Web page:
Flightmed archive for August-2002
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Flightmed archive for August-2002

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RT question, BiPap-v-CPAP (+scenario)

Can the Bird Avian III be set up with carefull adjustment of PEEP, flow
rate and upper/lower pressure limits/alarms in the CPAP setting to mimic BiPap? Or to do a better job at replacing BiPap during flight than free-flow via tightly applied non-rebreathing mask? 

Also, other than  the mask itself, are there any other attachments required for CPAP than the standard vent circuit and peep valve?

I am looking for info/guidance on the following recent flight/interfacility transfer issue - and how would your service handle it...  (EMTLA / COBRA not in effect here) Feel free to reply off-line if preferred.

SITUATION: Pt. COPD, in ER x 6 hrs, on BiPap x 4, transferred out (3 hr ground transfers plus FW flight, would require 13 hours by road) to ICU as sending facilities ICU closed. Recieving Internist wanted pt to arrive unintubated (weaning issues). Sending GP complied. CFN said OK but MD from sending must accompany/retain care of pt. as was against our protocol/common sense to remove from BiPap and fly 3 hrs on a non-rebreather. Sending facility would not load BiPap machine for trip (7-8 hours out and back). MD sent was GP with 1 year of additional ER training and no aeromedical training who does about 5 ETT/yr and 2 or 3 flights a year. Busy organising RSI meds of his own to bring when arrived at ER. Unfamiliar with staff training/experience/equipment. 
Never has RSI or ETT in BE-200.

1) Ignore CFN after "on the spot" assessment of situation, assume care and RSI per our protocols and fly on ventilator? (last similar case required ETT within 35 min of takeoff when patient crumped) (puts job in jeopardy but protects license)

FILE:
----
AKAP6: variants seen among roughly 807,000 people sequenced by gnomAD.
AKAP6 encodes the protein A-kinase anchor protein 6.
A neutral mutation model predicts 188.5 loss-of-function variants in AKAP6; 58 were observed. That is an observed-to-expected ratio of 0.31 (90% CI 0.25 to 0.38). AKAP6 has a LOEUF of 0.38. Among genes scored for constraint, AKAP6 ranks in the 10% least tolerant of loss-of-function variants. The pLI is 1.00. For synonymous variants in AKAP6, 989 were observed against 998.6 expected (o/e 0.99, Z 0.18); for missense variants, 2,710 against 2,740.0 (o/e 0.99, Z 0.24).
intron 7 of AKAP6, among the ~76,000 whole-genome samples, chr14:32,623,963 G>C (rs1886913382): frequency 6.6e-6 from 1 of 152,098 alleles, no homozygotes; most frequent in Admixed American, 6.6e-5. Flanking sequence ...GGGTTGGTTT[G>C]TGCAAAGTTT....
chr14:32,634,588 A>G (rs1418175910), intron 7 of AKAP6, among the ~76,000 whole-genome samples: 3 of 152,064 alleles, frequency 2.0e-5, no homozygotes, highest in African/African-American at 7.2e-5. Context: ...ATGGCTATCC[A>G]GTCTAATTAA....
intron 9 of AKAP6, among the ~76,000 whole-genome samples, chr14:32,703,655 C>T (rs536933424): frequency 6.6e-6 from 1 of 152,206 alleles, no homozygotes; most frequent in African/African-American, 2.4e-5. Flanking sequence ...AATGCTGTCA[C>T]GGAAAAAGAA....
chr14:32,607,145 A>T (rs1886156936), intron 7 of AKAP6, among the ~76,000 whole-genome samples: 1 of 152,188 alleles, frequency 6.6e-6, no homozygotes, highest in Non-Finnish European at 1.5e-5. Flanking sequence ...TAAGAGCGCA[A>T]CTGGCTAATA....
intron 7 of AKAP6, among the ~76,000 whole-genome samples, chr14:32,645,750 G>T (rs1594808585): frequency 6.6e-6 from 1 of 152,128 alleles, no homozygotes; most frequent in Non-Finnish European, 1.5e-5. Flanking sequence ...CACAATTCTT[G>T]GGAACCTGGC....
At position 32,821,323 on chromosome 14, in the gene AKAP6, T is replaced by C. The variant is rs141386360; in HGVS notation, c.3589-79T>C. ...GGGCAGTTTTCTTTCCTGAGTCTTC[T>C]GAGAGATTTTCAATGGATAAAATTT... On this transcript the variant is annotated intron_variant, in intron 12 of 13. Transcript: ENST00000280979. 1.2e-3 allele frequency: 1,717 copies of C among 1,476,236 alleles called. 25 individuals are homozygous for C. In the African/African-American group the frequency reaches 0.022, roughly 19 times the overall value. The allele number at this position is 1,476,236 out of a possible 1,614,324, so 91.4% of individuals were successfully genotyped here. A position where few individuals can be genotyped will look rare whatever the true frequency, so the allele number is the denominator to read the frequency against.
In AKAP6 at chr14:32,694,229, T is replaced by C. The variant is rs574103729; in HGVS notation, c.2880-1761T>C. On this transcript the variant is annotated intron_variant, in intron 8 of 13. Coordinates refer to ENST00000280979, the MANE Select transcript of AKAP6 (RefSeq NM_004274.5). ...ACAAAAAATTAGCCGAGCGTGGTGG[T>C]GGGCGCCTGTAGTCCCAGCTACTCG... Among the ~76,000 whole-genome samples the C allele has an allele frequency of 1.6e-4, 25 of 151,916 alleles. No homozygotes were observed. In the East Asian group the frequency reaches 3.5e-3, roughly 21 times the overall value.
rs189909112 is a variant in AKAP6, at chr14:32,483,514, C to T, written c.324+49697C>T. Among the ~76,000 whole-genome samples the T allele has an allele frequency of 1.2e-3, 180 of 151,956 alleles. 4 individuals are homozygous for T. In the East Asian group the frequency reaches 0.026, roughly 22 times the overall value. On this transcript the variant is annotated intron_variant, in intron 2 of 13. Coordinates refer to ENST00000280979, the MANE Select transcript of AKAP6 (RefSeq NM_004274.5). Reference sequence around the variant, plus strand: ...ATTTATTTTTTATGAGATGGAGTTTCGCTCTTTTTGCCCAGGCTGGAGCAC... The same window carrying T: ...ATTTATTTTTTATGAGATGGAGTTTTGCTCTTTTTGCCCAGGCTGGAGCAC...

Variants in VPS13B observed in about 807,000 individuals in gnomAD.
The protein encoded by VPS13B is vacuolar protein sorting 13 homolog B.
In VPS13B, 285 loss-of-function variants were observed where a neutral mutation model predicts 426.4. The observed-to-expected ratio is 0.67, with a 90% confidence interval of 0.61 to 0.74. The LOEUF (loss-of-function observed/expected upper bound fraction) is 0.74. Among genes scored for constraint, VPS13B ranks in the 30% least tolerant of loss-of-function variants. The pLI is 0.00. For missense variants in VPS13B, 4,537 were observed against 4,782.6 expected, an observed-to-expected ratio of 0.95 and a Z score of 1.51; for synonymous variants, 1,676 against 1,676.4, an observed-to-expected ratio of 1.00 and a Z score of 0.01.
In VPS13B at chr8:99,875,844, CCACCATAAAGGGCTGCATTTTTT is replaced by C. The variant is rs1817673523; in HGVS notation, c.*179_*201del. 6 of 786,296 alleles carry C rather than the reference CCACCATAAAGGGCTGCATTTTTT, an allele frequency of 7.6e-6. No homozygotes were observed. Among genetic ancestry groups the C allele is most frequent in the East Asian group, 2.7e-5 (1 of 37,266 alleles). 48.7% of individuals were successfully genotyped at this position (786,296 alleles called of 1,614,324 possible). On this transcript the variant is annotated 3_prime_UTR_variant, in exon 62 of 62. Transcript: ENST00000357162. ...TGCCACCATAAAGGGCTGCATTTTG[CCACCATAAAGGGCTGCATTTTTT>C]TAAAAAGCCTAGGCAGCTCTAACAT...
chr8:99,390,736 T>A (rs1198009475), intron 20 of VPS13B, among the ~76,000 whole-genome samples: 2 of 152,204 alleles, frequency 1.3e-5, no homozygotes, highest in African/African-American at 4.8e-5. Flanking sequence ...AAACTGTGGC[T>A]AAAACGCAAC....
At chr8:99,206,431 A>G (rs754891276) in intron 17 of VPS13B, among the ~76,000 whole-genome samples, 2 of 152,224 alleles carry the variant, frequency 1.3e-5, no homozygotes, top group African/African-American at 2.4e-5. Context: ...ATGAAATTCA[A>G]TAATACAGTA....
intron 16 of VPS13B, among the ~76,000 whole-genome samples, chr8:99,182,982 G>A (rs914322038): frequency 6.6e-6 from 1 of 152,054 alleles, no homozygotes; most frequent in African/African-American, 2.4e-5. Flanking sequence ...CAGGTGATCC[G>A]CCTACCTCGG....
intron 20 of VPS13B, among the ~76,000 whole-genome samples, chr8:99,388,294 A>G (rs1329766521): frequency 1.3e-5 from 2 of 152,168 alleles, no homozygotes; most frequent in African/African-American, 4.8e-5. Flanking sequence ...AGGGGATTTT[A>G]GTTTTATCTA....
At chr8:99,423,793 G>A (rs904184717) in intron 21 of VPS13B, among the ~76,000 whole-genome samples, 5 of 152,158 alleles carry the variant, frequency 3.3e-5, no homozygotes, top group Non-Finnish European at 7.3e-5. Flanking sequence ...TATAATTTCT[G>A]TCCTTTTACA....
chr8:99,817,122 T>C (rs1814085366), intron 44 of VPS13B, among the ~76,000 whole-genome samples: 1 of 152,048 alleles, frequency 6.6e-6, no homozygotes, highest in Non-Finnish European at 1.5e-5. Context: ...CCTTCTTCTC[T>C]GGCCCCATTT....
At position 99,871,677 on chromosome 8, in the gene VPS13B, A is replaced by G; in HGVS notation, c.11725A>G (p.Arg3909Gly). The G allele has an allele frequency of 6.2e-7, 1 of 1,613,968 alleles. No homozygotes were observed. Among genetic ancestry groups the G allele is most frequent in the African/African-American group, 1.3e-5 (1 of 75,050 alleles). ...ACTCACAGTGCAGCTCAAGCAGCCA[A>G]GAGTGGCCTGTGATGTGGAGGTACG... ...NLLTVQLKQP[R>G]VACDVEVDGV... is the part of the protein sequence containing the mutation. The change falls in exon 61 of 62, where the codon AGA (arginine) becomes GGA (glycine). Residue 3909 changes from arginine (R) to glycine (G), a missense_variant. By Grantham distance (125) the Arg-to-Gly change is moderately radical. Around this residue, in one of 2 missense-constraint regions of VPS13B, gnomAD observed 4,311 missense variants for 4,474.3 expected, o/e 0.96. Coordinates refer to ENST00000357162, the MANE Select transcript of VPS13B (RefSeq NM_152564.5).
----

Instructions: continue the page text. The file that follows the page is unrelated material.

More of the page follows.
2) Suck it up and do as told - fly on NRB with fingers crossed and let MD deal with whatever happens? (the "told you so" response with lots of documentation)

3) Fly as ordered but advise MD that ETT (if req'd) was team's responsibility and use own meds/protocols etc? (again with lots of documentation)

4) Refuse trip after consulting with CFN/sending/recieving MD (our medical director unavailable)? (puts contract in jeopardy)

Please give rationalle (if you have the time).

OUTCOME: Pt made it to ICU OK. Took some explaining to pilot (basically 
a demand), to get a step climb of cabin altitude from 800'ASL (sending) 
to 2200'ASL (recieving) spread out over the duration of the flight (135 
min so basically 100' climb every 10 minutes). Confusion over climb rate of aircraft -vs- of cabin altitude. Had passed message on so could be flight planned and climb points predicted (basic on cabin pressure differential) while patient being packaged etc. but had never done it before - was not sure of proceedure - didn't think it necessary.

Required declaration of MEDEVAC status (=LIFEGUARD) and direct routing with several different aircraft altitudes en-route (including appopriate ATC clearances etc), with subsequent cabin bleed valve manipulation (down again) as aircraft climbed to second cruise altitude and bleed valve could be re-opened (thus maintaining cabin climb undisturbed by aircraft altitude). The First Officer got to spend a lot of time with cabin pressure/bleed valve and flight planning/filing in-flight! (good review :) for him).

We spent most of the time watching pt. like a hawk, charting and varying the oxygen rate to maintain SPO2 at 92% (so as to maintain drive per accompanying MD) as the cabin pressure changed and the patient compensated etc. An interesting trip - but am still not sure was best compromise solution....

Fly Safe. 

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